Nigerian pop singer Adokiye has caused a social media storm by offering her virginity to Islamic militants Boko Haram in exchange for the return of hundreds of kidknapped schoolgirls.
A total of 276 girls were taken from the largely Christian north-eastern town of Chibok by the rebels, led by Abubakar Shekau, in April.
The majority of the schoolchildren remain missing, despite international pressure for their safe return – including the celebrity-endorsed #BringBackOurGirls social media campaign backed by Michelle Obama and David Cameron, among others.
However, the 23-year-old musician and actress from the country's Imo State, who is also a UN Ambassador of Peace, took the protest to the next extreme.
“It is just unfair. They are too young. I wish I could offer myself in exchange,” she told Nigerian publicationVanguard.
In pictures: Nigeria kidnapped schoolgirls
In pictures: Nigeria kidnapped schoolgirls
A total of 276 girls were abducted from the northeastern town of Chibok, in Borno state, which has a sizeable Christian community. Some 223 are still missing
One of the kidnapped girls looks into a camera
One of the missing girls talking to the camera
The missing Nigerian schoolgirls, wearing the full-length hijab and praying in an undisclosed rural location. Boko Haram alleging they had converted them to Islam
Girls wearing the full-length hijab holding a flag reading "There is no god, but Allah" and "Mohammed is Allah's prophet"
A man claiming to be the leader of Nigerian Islamist extremist group Boko Haram Abubakar Shekau
Abubakar Shekau speaks on the video
Girls, wearing the full-length hijab and praying are filmed by an unidentified man (R) in an undisclosed rural location
People carry signs as they attend a protest demanding the release of abducted secondary school girls in the remote village of Chibok in Lagos
A protester demonstrates against the kidnapping of school girls in Nigeria, outside the Nigerian Embassy in London
Chief International Correspondent Christiane Amanpour and Prime Minister David Cameron appearing on the BBC1 current affairs programme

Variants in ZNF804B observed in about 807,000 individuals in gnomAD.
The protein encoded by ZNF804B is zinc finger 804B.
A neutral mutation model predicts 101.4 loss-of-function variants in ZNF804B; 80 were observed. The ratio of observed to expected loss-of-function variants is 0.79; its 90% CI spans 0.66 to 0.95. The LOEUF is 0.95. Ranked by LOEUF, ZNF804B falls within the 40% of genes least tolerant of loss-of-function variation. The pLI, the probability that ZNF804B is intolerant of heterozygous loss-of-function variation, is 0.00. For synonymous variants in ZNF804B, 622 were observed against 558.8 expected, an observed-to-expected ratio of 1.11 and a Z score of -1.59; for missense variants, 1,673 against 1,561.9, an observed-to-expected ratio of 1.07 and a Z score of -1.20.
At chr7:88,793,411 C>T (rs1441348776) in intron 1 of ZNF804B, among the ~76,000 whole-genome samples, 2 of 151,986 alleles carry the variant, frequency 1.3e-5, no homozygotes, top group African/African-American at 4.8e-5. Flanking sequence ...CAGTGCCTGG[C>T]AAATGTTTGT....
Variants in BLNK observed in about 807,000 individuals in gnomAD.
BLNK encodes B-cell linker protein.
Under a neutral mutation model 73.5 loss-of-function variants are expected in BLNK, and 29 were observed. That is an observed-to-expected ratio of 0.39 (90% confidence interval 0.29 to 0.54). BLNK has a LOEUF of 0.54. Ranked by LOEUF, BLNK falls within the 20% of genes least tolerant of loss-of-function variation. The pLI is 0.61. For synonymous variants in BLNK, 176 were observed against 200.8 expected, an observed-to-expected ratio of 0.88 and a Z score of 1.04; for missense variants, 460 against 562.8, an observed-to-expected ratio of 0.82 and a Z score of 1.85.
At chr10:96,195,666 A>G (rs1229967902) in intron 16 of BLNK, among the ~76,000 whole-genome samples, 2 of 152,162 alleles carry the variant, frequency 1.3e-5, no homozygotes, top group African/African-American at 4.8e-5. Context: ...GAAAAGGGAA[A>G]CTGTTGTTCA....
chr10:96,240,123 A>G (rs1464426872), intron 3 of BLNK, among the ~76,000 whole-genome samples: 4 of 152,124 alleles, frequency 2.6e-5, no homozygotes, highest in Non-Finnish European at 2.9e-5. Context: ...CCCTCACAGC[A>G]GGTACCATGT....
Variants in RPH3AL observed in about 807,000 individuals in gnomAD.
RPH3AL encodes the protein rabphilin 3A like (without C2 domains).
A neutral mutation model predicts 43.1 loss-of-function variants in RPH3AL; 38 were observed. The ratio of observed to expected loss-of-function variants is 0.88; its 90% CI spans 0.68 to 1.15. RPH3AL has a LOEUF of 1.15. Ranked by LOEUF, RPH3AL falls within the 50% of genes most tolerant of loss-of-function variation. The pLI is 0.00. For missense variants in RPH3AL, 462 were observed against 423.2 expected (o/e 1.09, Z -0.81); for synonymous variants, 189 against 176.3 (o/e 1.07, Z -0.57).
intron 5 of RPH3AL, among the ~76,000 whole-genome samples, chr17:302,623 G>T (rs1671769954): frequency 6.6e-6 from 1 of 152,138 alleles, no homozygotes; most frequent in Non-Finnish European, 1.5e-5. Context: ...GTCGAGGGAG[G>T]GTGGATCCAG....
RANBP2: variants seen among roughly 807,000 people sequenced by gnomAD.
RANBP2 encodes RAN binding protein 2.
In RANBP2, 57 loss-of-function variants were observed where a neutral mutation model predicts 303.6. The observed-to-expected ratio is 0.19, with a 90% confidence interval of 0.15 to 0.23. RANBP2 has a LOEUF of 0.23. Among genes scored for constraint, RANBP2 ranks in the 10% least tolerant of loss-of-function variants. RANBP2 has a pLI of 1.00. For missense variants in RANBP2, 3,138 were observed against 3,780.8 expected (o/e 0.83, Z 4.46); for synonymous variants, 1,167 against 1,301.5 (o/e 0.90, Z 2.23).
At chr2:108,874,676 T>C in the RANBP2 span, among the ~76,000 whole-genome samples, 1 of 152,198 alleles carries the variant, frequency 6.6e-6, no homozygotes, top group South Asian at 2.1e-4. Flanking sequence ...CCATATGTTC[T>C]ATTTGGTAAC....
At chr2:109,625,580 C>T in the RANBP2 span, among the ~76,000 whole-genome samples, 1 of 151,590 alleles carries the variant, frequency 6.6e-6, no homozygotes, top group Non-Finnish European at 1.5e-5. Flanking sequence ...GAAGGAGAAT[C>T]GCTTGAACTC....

People participate in a "Bring Back Our Girls" campaign demonstration and candlelight vigil in Los Angeles
Girls holding heart shaped banners in a "Bring Back Our Girls" campaign demonstration and candlelight vigil in Los Angeles
14/19 South Africa
South Africans protest in solidarity against the abduction of hundreds of schoolgirls in Nigeria by the Muslim extremist group Boko Haram and what protesters said was the failure of the Nigerian government and international community to rescue them, during a march to the Nigerian Consulate in Johannesburg
Karilyn Coates (10) joins others in a candlelight vigil for the more than 300 girls abducted by Boko Haram in Nigeria, at All Souls Unitarian Church in Colorado Springs
Mothers of the missing Chibok school girls abducted by Boko Haram Islamists gather to receive informations from officials. Nigeria's president said that Boko Haram's mass abduction of more than 200 schoolgirls would mark a turning point in the battle against the Islamists, as world powers joined the search to rescue the hostages
Former Nigerian Education Minister and Vice-President of the World Bank's Africa division (3rd L) Obiageli Ezekwesilieze speaks as she leads a march of Nigeria women and mothers of the kidnapped girls of Chibok, calling for their freedom in Abuja
18/19 Bring Back Our Girls
Kelly Hoppen tweeted: 'Please make sure you do this, we must stand together and not forget them'
19/19 Bring Back Our Girls
E.L. Rock Star tweeted: 'Join The Movement'
“They are between 12 and 15 year old girls for Christ sake. I am older and more experienced. Even if 10 to 12 men have to take me every night, I don’t care. Just release these girls and let them go back to their parents.”
Voiceless Kids are Out There gettin into different troubles we dont even knw about and all we do daily is Hold White Paper #BringBackOurGirlsAdokiye (@adokiye) June 25, 2014
Her comments received a mixed reaction via social media. Some fans praised her offer as “brave” and branded her a “hero”:
Adokiye (@adokiye) June 26, 2014
@charitykhoza: "I share the same sentiments with Adokiye Kyrian, Boko Haram must release those girls I for one I can take their place"
Adokiye (@adokiye) June 25, 2014
Others, however, interpreted her bold statement as an opportunistic publicity stunt:
Adokiye’s apparent sacrifice comes after news that over 60 girls and women and 31 boys are suspected to have been abducted by Boko Haram from villages in northeast Nigeria.
The recent abductions took place during a series of raids in Borno over the past week, with dozens of people killed from the attacks. The survivors from various villages are now taking refuge in Adamawa, with others still fleeing on foot.
Meanwhile, at least 21 people have died in an explosion in a shopping area in Abuja, the capital of Nigeria. Police said 17 more were wounded when the blast ripped through Emab Plaza on Wednesday [25 June]. Again, Boko Haram are suspected of orchestrating the bloody attack.